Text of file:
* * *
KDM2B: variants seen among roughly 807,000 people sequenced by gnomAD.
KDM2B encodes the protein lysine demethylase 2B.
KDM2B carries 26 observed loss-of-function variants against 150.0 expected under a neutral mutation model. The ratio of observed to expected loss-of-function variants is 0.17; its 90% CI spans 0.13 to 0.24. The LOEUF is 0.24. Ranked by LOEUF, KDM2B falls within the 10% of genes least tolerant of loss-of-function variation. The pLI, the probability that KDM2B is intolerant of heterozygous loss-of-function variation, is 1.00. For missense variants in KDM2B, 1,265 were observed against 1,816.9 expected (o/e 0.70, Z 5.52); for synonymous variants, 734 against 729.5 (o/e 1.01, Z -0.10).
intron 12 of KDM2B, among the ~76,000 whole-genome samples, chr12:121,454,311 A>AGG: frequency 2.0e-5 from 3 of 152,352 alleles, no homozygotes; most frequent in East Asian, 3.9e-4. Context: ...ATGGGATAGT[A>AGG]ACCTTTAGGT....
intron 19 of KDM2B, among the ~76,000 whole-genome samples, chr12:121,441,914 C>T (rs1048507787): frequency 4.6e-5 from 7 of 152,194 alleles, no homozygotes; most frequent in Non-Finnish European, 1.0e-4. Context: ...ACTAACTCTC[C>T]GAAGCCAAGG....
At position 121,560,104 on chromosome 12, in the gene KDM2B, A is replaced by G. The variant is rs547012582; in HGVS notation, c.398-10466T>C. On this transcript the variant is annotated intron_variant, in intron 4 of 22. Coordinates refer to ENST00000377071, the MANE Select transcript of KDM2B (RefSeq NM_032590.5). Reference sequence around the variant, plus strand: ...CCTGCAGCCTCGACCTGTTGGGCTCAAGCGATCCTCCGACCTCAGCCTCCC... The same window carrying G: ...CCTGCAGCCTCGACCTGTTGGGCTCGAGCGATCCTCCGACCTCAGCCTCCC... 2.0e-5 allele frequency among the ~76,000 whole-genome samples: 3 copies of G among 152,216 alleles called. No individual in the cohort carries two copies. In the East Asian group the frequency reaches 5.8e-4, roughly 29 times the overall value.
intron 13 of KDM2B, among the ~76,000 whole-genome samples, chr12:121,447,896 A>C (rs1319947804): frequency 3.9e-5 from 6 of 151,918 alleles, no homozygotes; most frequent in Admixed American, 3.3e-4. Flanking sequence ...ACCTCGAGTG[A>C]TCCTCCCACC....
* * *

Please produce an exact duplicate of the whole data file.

KDM2B: variants seen among roughly 807,000 people sequenced by gnomAD.
KDM2B encodes the protein lysine demethylase 2B.
KDM2B carries 26 observed loss-of-function variants against 150.0 expected under a neutral mutation model. The ratio of observed to expected loss-of-function variants is 0.17; its 90% CI spans 0.13 to 0.24. The LOEUF is 0.24. Ranked by LOEUF, KDM2B falls within the 10% of genes least tolerant of loss-of-function variation. The pLI, the probability that KDM2B is intolerant of heterozygous loss-of-function variation, is 1.00. For missense variants in KDM2B, 1,265 were observed against 1,816.9 expected (o/e 0.70, Z 5.52); for synonymous variants, 734 against 729.5 (o/e 1.01, Z -0.10).
intron 12 of KDM2B, among the ~76,000 whole-genome samples, chr12:121,454,311 A>AGG: frequency 2.0e-5 from 3 of 152,352 alleles, no homozygotes; most frequent in East Asian, 3.9e-4. Context: ...ATGGGATAGT[A>AGG]ACCTTTAGGT....
intron 19 of KDM2B, among the ~76,000 whole-genome samples, chr12:121,441,914 C>T (rs1048507787): frequency 4.6e-5 from 7 of 152,194 alleles, no homozygotes; most frequent in Non-Finnish European, 1.0e-4. Context: ...ACTAACTCTC[C>T]GAAGCCAAGG....
At position 121,560,104 on chromosome 12, in the gene KDM2B, A is replaced by G. The variant is rs547012582; in HGVS notation, c.398-10466T>C. On this transcript the variant is annotated intron_variant, in intron 4 of 22. Coordinates refer to ENST00000377071, the MANE Select transcript of KDM2B (RefSeq NM_032590.5). Reference sequence around the variant, plus strand: ...CCTGCAGCCTCGACCTGTTGGGCTCAAGCGATCCTCCGACCTCAGCCTCCC... The same window carrying G: ...CCTGCAGCCTCGACCTGTTGGGCTCGAGCGATCCTCCGACCTCAGCCTCCC... 2.0e-5 allele frequency among the ~76,000 whole-genome samples: 3 copies of G among 152,216 alleles called. No individual in the cohort carries two copies. In the East Asian group the frequency reaches 5.8e-4, roughly 29 times the overall value.
intron 13 of KDM2B, among the ~76,000 whole-genome samples, chr12:121,447,896 A>C (rs1319947804): frequency 3.9e-5 from 6 of 151,918 alleles, no homozygotes; most frequent in Admixed American, 3.3e-4. Flanking sequence ...ACCTCGAGTG[A>C]TCCTCCCACC....